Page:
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Monday, 7 May 2007

Brazil breaks AIDs drug patent

Business Day reports that the Brazilian president has authorised Brazil to infringe the patent on Efavirenz, an HIV drug made by Merck. Brazil will import a generic version from India, but may eventually produce it itself. The move follows a breakdown in talks between Merck and Brazil, where Brazil urged Merck to only charge it the rate that it charges to Thailand. The president’s office said:

“The compulsory licensing of Efavirenz is a legitimate and necessary measure to guarantee that all patients have access to the drug.”

The IPKat always finds this issue a tough one. On the one hand, he appreciates that if companies can’t recoup their R&D, they won’t invest in these life-saving drugs, but he also sees the need to make the drugs realistically available to individuals.

6 comments:

Anonymous said...

Just one thing I want to highlight:

"Business Day reports that the Brazilian president has authorised Brazil to infringe the patent on Efavirenz".

How could you infringe a patent through the legitimate use of compulsory license? Am I missing something here?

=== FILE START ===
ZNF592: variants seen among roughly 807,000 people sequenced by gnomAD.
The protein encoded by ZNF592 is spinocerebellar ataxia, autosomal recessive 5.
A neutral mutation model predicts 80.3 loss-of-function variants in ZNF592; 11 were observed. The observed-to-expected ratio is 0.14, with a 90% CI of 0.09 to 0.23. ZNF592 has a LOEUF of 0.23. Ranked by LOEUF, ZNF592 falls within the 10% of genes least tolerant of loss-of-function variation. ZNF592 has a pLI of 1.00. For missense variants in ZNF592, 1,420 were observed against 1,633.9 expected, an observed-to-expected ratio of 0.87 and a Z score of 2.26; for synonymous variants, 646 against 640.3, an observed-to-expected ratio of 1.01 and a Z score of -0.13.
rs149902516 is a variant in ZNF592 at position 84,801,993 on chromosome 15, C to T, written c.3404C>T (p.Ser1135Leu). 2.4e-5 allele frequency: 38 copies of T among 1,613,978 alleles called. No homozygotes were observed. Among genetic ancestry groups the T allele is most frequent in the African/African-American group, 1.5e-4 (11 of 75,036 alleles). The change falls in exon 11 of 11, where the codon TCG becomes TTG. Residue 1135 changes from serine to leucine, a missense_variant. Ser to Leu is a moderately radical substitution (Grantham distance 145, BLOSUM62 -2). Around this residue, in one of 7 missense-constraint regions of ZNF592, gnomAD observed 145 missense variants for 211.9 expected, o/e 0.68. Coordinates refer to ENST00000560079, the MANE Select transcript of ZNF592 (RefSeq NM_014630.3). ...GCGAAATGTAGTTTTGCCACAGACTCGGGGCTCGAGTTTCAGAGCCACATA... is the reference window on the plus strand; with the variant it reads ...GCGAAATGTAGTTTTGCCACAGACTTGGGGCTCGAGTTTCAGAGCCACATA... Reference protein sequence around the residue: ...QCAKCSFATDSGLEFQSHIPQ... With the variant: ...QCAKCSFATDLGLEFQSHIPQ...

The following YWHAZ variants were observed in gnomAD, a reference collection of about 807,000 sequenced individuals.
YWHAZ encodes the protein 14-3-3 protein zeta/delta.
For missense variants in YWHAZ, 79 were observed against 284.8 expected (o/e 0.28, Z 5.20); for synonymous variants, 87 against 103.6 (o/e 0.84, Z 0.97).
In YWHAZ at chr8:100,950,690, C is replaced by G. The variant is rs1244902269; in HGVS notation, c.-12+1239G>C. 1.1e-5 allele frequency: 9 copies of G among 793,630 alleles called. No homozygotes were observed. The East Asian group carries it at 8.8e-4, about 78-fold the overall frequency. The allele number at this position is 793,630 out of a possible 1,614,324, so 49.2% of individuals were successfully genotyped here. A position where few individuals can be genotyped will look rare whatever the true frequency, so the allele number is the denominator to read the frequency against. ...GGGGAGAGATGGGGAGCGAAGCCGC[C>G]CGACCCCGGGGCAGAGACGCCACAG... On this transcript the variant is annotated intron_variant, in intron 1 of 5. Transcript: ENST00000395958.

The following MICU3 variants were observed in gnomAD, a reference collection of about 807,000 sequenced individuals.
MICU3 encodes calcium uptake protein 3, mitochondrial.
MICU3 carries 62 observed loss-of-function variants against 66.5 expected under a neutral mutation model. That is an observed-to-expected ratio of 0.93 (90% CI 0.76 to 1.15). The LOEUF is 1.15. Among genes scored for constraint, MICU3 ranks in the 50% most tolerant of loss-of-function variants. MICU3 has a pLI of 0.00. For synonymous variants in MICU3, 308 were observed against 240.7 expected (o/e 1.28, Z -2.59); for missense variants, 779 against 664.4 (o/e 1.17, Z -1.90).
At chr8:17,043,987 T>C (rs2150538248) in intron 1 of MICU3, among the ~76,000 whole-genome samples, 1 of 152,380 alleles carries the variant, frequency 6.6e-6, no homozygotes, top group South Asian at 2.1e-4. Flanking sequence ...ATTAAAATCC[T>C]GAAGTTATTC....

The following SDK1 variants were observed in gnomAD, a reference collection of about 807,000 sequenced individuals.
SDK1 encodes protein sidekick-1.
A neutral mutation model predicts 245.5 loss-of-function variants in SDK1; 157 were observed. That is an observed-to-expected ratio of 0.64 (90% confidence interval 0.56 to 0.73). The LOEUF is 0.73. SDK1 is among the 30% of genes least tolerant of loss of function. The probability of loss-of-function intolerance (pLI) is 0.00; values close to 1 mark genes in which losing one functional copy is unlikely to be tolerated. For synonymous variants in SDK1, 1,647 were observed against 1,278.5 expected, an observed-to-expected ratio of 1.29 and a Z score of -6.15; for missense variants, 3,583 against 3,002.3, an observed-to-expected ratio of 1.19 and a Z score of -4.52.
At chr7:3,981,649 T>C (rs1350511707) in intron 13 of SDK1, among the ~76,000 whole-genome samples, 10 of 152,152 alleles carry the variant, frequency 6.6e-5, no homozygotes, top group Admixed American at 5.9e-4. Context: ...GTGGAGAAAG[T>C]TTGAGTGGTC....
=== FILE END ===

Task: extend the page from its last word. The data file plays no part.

Ilanah said...

Not really. I'm missing something - namely a word for the situation when one does something which would infringe, but for a defence/exception. I knew what I was writing was open to question, but I couldn't think of a better word. All suggestions gratefully accepted.

Anonymous said...

Business Day reports that the Brazilian president has authorised a compulsory licence in Brazil for a patent on Efavirenz held by Merck.

Anonymous said...

I'm in agreement with anonymous 1. The words for something which would infringe if it wasn't for a license are "use under licence".

Emotive words like "break" aren't used with respect to Crown use and shouldn't be used in respect of Brazil.

The real question is - will Merck be getting adequate remuneration as they are entitled to under TRIPS Art 31 (h)?

Anonymous said...

The New York Times reports today that the Clinton Foundation has brokered a deal here.

David said...

There is a very intelligently written article on the subject of this post available here. It all appears to come down to the price Brazil is willing to pay for the drugs, which is less than that Merck wants to sell them for.

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